“My purpose today is to reach out across disciplines and invite design thinking into this big conversation. That is, to bring intention and creativity to the experience of dying. We have a monumental opportunity in front of us, before one of the few universal issues as individuals as well as a civil society: to rethink and redesign how it is we die.”
I have been thinking of focusing my therapy research lately. While depression and anxiety support have long been interests of mine, I have found myself considering offering more specific grief and bereavement counselling services.
Why? My own depression and anxiety were the result of a sudden loss. Within minutes, I went from a stable world, to dealing with the most traumatic experience of my life. I suffering loss of a sort I had never known and found myself fluctuating between intense grief and rage. As I moved back and forth between these very highly emotionally charged states, the exhaustion and suffering were almost beyond what I could bear. After about a decade, I began to recover.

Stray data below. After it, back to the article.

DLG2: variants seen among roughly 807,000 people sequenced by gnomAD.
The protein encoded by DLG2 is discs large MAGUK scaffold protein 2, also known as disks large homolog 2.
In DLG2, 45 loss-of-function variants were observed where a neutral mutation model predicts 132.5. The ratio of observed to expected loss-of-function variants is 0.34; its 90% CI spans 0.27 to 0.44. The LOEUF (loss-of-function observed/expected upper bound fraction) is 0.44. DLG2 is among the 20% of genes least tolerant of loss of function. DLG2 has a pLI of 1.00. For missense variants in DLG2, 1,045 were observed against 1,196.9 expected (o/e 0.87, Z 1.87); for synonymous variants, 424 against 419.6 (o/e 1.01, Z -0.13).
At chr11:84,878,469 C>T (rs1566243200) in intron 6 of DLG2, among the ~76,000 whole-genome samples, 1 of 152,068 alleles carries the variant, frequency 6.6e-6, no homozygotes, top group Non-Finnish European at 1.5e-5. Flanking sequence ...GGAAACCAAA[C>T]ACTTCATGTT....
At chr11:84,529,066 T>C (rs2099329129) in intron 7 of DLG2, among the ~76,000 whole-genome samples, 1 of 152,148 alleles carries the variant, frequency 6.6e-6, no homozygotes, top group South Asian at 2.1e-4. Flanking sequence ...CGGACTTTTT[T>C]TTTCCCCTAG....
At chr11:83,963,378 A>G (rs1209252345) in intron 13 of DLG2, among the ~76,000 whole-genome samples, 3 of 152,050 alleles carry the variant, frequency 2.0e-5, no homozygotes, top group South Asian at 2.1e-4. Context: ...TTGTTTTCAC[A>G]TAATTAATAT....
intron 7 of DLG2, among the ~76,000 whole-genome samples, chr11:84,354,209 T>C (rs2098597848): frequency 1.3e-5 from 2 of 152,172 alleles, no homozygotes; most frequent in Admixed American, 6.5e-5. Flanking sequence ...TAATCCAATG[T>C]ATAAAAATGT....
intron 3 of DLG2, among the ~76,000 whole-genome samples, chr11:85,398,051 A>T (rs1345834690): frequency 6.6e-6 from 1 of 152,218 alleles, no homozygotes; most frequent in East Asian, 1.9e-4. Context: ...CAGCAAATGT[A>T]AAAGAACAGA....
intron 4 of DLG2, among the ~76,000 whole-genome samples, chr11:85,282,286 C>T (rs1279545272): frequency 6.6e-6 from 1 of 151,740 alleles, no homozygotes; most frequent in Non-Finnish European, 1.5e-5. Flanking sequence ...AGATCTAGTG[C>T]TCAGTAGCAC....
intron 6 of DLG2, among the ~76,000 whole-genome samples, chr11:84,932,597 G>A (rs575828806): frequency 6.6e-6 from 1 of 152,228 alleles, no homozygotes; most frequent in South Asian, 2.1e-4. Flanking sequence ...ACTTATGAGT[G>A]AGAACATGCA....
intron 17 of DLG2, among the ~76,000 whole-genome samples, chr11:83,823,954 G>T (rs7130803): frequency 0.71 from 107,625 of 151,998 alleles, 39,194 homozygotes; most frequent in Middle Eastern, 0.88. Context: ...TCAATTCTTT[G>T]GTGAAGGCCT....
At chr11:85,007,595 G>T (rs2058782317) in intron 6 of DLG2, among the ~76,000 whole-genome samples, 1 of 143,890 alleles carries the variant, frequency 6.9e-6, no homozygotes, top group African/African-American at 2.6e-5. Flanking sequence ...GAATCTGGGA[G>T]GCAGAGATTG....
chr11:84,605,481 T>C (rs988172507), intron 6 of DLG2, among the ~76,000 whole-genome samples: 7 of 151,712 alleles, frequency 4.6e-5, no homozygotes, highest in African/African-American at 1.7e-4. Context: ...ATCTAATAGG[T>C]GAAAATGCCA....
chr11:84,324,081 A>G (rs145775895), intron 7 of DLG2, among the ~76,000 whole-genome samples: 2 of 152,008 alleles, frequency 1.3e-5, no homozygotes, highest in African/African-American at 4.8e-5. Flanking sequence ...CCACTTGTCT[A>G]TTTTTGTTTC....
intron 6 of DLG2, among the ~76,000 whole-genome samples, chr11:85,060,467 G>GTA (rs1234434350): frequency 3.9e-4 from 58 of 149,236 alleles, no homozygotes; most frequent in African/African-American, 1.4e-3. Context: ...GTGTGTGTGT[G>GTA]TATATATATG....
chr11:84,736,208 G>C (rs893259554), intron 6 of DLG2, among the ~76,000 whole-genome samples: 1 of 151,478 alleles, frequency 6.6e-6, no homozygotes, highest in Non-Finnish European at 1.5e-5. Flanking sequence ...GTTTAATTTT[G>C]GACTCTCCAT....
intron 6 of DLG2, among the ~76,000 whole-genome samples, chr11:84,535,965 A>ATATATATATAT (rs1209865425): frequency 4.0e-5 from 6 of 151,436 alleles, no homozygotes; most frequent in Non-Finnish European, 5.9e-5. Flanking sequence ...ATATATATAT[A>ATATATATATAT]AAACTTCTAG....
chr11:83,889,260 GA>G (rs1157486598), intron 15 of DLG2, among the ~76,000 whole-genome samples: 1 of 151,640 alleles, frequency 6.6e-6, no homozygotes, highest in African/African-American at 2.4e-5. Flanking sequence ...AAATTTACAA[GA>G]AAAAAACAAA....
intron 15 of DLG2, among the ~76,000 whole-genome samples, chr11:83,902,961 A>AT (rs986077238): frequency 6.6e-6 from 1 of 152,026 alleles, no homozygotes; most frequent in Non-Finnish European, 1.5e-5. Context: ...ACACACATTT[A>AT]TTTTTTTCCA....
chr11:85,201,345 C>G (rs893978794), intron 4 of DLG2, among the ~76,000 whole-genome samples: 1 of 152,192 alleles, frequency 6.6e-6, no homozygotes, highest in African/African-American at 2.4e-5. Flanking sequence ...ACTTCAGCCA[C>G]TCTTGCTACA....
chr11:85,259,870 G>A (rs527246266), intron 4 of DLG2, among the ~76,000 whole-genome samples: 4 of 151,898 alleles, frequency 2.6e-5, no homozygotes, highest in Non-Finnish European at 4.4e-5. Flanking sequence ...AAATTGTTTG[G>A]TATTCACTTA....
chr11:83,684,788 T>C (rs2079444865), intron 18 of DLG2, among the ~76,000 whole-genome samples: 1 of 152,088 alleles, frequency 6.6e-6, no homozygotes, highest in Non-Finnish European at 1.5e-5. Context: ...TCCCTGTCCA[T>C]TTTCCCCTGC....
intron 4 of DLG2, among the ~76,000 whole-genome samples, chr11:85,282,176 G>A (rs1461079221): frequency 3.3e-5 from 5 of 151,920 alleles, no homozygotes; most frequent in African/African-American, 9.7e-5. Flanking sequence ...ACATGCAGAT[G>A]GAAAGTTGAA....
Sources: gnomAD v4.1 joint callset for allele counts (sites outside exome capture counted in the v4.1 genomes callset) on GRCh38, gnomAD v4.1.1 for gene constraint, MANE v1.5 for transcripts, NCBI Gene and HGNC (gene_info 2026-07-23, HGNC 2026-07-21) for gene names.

So, why grief and bereavement? My depression was inspired by loss. I didn’t have negative self-talk or extensive automatic thoughts which drove my suffering. Quite simply, I had lost my wife. The rage, anguish and other traumatic feelings were a result of this event. I was grieving, but didn’t know to identify it as such. While grief and bereavement seems to focus primarily on loss due to death, I would like to research – at least initially – loss of another sort, that is loss of a life partner who is still alive.
Just getting a few ideas down tonight for further consideration.
Kia kaha from the Land of the Long White Cloud!